The Unproblematic Confucius (2)
A REJOINDER TO PROFESSOR BROOKS'S BOOK REVIEW ON THE ANALECTS
I am happy to have this opportunity to write a rejoinder to the review of my Analects in this issue by Professor Brooks (E Bruce and A Taeko Brooks, to be exact). I think I can point out two ways in which my approach to the Analects and that of Professor Brooks differ. These, I believe, will help clarify why he finds my translation of the Analects so unsatisfactory, and why his criticisms do not trouble me as much as perhaps they ought to.
When I was a freshman in Columbia College in 1946, I was required, like all freshmen, to take a one-year course called Humanities, in which we read, in translation of course, the so-called great books of the Western tradition: Homer, the major Greek philosophers, historians, and dramatists; Augustine, Dante, Rabelais, etc. There was only a two-hour discussion session for any given work, which clearly could not get us very deep into the text. But we came away with a general idea of how the works were put together, what their main ideas were, and what these may have contributed to the development of the intellectual tradition.
Experts in the various texts naturally voiced misgivings about such an approach. How can students understand Dante when they know nothing about the Guelphs and the Ghibellines? they objected, and Professor Brooks would no doubt have been among their ranks, since he speaks disapprovingly of the device of throwing an enigmatic and unexplained text at the reader.
Despite these objections, it was felt that the course at least insured that freshmen would become acquainted, if only in a superficial way, with the key works of Western literature, and would to some extent learn how to extract from such works their principal ideas and some sense of their literary appeal and importance. Later, a similar course dealing with the great books of the Asian tradition was set up at Columbia, covering the major works of the Middle East and India in the fall and those of China and Japan in the spring. After I had completed my doctorate in Chinese, I was asked by the Committee on Oriental Studies, which supervised the course, to prepare new translations of several works of Chinese thought not easily obtainable in English. This resulted in my translations of selections from the writings of Mozi, Zhuangzi, Xunzi, and Han Feizi. Waleys translation of the Analects was available in paperback, so there was no need for a new translation of that text.
When Columbia University Press a few years ago asked me to make a new translation of the Analects, that was the sort of readership I had in mind, though I should perhaps have stated that fact more clearly. I am not a specialist in early Chinese thought, and I had no intention of trying to produce the kind of detailed treatment of the text that Professor Brooks has. In my introduction I of course mentioned that some chapters of the Analects are now thought to date from a period considerably later than Confuciuss time, and referred readers to the Brookses for further information. But in my Analects I deliberately avoided going into such textual matters, or discussing later commentaries on or interpretations of the work. I did so because I felt that readers, particularly those encountering the work for the first time, should concentrate on forming an impression of just what sort of book the Analects is, what are its most important ideas, and if such ideas were put into application, as they were to some extent in China, what sort of society would be likely to result.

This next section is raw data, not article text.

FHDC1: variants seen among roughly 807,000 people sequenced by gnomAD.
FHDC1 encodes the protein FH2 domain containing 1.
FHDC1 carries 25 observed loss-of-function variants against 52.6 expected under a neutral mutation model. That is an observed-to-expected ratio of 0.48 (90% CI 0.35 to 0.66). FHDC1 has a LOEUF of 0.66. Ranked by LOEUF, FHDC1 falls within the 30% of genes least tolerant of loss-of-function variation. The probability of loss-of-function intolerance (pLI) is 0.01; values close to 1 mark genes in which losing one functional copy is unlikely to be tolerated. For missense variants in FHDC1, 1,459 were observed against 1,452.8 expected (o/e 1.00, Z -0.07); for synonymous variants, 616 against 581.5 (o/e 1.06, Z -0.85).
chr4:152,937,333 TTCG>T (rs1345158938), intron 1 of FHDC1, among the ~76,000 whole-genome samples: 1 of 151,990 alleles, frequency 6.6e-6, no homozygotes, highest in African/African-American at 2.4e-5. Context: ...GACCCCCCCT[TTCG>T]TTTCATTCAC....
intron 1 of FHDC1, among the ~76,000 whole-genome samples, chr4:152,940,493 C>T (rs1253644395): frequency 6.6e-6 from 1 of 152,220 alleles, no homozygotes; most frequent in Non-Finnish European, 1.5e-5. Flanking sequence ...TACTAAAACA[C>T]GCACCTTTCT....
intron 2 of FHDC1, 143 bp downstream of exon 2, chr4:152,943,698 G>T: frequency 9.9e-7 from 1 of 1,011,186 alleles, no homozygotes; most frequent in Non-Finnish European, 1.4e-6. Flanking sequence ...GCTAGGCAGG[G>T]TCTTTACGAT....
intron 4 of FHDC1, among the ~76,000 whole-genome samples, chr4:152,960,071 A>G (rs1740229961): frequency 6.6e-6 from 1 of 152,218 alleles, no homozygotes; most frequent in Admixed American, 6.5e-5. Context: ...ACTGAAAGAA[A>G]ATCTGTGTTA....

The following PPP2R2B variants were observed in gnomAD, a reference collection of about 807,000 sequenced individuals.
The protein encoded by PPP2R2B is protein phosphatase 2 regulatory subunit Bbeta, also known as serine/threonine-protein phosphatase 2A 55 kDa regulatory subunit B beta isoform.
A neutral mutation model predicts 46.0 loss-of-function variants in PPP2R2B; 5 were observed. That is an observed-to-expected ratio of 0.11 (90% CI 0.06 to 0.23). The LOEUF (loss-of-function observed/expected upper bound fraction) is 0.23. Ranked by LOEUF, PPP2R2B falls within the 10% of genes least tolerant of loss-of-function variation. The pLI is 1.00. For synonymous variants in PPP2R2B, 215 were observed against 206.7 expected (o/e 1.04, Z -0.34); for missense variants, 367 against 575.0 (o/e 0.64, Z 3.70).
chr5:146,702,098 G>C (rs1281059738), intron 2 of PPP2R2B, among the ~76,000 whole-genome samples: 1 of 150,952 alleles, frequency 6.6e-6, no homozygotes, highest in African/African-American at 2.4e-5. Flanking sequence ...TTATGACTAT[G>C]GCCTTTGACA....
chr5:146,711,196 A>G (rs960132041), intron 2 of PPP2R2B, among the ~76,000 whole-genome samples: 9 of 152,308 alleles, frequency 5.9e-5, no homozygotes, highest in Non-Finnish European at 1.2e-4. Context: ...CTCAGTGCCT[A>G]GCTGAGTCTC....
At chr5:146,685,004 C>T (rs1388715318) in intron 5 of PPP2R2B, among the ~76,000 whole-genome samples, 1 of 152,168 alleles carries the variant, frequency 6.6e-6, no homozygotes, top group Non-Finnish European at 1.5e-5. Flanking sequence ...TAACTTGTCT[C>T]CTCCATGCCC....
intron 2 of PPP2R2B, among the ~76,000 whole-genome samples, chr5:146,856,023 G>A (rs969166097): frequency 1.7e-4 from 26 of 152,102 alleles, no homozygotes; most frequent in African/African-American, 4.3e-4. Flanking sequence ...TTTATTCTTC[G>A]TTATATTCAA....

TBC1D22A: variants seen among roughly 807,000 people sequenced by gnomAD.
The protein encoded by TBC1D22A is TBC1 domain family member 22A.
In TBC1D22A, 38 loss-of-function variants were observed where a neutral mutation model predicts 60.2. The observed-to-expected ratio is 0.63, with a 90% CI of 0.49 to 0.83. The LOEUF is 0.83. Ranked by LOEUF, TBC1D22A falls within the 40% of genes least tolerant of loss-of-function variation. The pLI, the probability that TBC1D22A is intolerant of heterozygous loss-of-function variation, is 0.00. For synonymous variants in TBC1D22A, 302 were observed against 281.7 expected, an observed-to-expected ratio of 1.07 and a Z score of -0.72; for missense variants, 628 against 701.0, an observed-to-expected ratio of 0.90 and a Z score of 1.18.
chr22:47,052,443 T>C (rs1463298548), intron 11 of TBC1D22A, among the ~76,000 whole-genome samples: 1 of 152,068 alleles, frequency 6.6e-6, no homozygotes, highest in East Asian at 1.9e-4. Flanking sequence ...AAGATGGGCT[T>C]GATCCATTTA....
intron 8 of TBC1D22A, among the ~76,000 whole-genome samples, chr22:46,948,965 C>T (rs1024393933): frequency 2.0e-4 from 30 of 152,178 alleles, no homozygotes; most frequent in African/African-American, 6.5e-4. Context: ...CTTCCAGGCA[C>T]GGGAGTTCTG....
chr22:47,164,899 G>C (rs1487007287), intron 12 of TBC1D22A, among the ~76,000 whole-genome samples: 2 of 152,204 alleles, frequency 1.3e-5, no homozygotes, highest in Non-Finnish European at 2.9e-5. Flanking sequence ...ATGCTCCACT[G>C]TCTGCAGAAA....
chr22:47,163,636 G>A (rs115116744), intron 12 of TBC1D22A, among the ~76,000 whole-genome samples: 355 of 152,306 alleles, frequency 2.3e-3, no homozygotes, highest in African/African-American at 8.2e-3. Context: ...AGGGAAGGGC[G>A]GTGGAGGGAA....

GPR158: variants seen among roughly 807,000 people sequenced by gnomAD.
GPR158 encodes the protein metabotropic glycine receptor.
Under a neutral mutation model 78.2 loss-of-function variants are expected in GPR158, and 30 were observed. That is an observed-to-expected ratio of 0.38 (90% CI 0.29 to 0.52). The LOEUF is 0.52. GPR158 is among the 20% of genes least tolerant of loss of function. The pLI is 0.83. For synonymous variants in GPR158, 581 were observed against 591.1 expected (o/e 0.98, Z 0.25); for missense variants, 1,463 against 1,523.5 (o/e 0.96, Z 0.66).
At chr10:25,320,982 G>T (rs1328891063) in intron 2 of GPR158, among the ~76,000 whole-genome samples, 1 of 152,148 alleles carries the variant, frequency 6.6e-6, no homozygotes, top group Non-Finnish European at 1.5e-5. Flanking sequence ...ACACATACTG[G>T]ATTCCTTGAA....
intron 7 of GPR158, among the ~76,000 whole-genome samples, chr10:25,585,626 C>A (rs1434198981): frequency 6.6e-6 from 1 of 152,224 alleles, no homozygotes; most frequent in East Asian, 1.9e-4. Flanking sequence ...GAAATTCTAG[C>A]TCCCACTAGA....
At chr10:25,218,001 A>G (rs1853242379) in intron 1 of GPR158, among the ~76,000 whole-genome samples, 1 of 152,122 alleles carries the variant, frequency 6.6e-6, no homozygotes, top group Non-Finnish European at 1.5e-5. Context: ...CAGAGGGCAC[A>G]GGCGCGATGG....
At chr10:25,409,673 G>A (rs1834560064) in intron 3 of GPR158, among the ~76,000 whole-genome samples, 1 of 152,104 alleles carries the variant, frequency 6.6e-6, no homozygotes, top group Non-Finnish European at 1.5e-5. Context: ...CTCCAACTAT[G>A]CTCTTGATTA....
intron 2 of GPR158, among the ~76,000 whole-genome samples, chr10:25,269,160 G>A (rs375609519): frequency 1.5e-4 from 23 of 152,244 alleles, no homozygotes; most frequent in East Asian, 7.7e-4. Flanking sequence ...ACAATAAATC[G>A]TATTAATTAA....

There is another fundamental way in which Professor Brooks and I differ in our approach to the Analects. I have read with great interest what he has to say about the manner in which he believes the text of the Analects was put together, which sections are of early date and which are later additions. But I believe that, given the present state of our knowledge of early Chinese literature, such assertions are still in the realm of speculation. I gather, however, that Professor Brooks regards them as established facts, and that he expects anyone writing about the Analects now to accept them as such. Likewise, with regard to those passages in the Analects that have long puzzled Chinese commentators and for which they have put forth conflicting interpretations, he believes there is now a right interpretation presumably that followed in his own translation and that other interpretations are to be labelled as wrong. I do not think we have reached that point yet, which is why I have at times in my translation given varying translations of such disputed passages. It seems to me important that readers of the Analects, in addition to learning about its particular contents, should also learn something about the difficulties and uncertainties involved in interpreting the exact meaning of a text of such antiquity.
To sum up, Professor Brooks and I clearly differ rather radically in our approach to the Analects. Commenting on my approach, he declares that Watson is out of his depth. I in turn would question whether Professor Brooks in his approach is not a little bit too confident.
As for the illustration on the jacket of my Analects, I must apologize to readers. Due to a mix-up in communication between Columbia University Press and myself, it was printed before I had seen the proposed design. Confucius as envisioned by the Jesuits in China, gigantic, kingly, and backed by an Italianate library, represents the exact opposite of the image of Confucius I was trying to convey in my translation. Columbia University Press has promised to replace it at some future date, but when that will be I do not know.
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